"The dance is a poem of which each movement is a word" — Mata Hari
She blew a kiss to the firing squad before they executed her on October 15, 1917. Mata Hari—courtesan, exotic dancer, and spy—was sentenced to death after she was accused of being a double agent. Mata Hari became a spy for France in her late thirties after her dancing career neared to an end and she took on being a full-time lover: a financial decision. She seduced military men, government men, and many others, German officers included. As this was during the time of World War I, she seemed to be playing with fire but that did not stop her. Her frequent travels across borders put her under the surveillance of French officials. She became a spy after she decided she had to make money to support her new lover, a Russian captain, Vladimir de Masloff, who was left blind in one eye after fighting on the battlefield. Mata Hari used her contacts to gain intelligence and seduce German officers and commanders, hoping they would be careless around her or hope to impress her by providing her with gossip and “dangerous” information.
Although it has not been proven, many say that the Germans were onto Mata Hari and they sold her out to the French. Other officials believe that she was actually a double agent, simultaneously spying for the Germans. Mata Hari is recorded as having told German border guards who were hassling her: “A courtesan, I admit it. A spy, never! I have always lived for love and pleasure.” The woman of many masks was arrested on February 13, 1917.
Mata Hari was born in the Netherlands, but heavily influenced by the “Oriental” fad at the time, she changed her name and created a dance influenced by the “Indies.” Also interested in Hinduism, she called herself a Hindu artist and draped herself in veils and headgear which harkens back to Hindu deities. The dancer used this “exotic” appeal to her advantage and made a large profit off of her performances, gaining a large circle of lovers and patrons who would eventually plead for mercy on behalf of her sentencing.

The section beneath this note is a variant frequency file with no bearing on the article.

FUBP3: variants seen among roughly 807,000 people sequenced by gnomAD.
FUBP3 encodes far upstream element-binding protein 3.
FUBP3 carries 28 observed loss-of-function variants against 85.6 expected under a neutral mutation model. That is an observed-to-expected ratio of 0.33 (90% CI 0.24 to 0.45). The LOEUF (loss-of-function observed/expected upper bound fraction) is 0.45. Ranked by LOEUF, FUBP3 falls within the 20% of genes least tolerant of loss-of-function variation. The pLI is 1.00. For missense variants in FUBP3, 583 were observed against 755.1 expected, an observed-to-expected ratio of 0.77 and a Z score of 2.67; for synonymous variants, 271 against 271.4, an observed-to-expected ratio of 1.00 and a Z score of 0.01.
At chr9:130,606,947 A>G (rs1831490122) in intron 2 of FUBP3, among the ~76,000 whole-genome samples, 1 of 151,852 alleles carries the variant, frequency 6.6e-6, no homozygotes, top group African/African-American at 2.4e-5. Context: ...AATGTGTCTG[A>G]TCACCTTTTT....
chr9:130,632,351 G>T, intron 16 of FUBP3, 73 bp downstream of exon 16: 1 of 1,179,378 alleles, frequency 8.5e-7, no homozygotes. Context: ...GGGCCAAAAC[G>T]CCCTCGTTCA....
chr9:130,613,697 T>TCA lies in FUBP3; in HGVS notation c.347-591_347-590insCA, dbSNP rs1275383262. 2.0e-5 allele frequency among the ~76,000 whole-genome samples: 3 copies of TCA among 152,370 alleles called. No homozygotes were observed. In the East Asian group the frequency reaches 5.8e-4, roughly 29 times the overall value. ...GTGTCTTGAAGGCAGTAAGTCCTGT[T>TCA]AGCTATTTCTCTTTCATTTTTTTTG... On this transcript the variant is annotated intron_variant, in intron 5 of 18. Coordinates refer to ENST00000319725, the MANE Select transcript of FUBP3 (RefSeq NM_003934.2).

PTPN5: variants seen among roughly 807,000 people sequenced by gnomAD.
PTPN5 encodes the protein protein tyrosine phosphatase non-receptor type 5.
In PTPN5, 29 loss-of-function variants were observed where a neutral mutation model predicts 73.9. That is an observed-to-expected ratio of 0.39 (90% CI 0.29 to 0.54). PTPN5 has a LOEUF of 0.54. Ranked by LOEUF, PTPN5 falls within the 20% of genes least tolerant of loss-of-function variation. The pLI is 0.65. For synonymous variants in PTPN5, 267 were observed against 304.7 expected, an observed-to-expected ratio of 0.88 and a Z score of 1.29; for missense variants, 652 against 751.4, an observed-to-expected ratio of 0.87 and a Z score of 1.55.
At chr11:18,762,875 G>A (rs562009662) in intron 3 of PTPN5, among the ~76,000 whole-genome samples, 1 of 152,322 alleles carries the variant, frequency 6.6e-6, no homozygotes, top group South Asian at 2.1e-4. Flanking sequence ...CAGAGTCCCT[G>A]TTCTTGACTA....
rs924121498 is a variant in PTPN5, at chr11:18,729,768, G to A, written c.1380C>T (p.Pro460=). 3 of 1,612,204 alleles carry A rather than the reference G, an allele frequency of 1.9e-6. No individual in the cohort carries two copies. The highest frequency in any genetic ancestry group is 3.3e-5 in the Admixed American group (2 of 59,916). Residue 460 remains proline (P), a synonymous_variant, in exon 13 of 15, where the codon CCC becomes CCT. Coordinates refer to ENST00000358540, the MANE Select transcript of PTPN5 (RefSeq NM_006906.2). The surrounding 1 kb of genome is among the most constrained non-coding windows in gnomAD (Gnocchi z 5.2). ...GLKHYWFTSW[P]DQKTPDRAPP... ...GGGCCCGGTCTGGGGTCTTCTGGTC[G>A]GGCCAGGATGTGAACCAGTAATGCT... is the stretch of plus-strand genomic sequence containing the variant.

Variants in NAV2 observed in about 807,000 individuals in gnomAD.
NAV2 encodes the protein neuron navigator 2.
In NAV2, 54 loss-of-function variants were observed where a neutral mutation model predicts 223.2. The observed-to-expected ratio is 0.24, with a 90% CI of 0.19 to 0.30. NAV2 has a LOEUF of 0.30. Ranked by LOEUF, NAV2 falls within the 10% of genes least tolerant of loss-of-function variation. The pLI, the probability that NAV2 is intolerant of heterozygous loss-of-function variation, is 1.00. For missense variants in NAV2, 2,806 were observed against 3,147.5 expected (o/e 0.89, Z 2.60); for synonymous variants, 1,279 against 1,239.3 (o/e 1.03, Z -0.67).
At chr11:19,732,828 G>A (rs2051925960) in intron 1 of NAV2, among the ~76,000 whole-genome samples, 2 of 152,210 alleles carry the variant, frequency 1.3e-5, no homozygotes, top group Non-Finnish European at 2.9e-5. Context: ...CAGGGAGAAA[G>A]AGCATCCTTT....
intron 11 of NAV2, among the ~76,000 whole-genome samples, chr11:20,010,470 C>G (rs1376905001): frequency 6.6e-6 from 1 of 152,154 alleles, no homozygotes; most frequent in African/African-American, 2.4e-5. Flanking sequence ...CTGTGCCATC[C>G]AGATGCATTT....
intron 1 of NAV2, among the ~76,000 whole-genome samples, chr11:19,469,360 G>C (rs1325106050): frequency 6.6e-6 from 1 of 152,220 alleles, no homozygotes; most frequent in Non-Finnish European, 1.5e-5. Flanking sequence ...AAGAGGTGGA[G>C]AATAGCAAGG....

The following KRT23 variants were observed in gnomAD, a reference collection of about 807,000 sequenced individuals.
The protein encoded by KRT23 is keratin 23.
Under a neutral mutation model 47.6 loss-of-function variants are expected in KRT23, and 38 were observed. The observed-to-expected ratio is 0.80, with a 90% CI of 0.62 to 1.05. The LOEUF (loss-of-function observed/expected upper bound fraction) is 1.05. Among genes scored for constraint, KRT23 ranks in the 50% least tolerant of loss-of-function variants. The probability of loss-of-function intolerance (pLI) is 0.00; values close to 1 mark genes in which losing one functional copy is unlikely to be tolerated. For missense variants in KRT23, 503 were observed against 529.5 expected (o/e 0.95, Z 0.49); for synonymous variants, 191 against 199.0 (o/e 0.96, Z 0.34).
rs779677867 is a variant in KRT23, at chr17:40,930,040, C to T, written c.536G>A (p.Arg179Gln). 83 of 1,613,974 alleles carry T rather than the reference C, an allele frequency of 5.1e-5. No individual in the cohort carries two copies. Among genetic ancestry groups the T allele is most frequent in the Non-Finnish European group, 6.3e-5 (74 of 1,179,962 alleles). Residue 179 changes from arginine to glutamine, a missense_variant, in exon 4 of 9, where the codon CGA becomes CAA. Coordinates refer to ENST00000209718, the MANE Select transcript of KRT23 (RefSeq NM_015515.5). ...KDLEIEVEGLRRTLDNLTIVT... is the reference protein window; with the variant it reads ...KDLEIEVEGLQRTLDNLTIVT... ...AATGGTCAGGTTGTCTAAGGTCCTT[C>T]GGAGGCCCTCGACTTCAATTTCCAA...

After she was arrested, Mata Hari was thrown in a rat-infested jail cell in the Saint-Lazare prison where her elderly lawyer, and a former lover, met with her to create a defense. The odds were stacked against her, with French captains tampering with evidence in order to further implicate her for espionage and money she was paid by German officers was labeled espionage money. The trial lasted less than forty-five minutes—she was sentenced to death.
Mata Hari wearing a Javanese-inspired costume. Unknown date. Image via Encyclopedia Britannica.
Mata Hari leaning on a table in this undated photo. (Image/AP Photo)
Image via Biography.
A younger Mata Hari at the beginning of her career, marked by her braids. (Image/AP Photo)
Mata Hari appearing before the War Council. Photo circa 1917; clipped from an unknown French magazine.
Mata Hari's mugshot. Image via DePaul University Visual Exhibition.
Actress Jeanne Moreau during the shooting of the scene of the execution of the spy in the film 'Mata Hari' in Romainville, France, in October 1964.
Watch a documentary about Mata Hari's life:
Feature Image: A Portrait of Mata Hari, circa 1907 Gamma-Keystone/Getty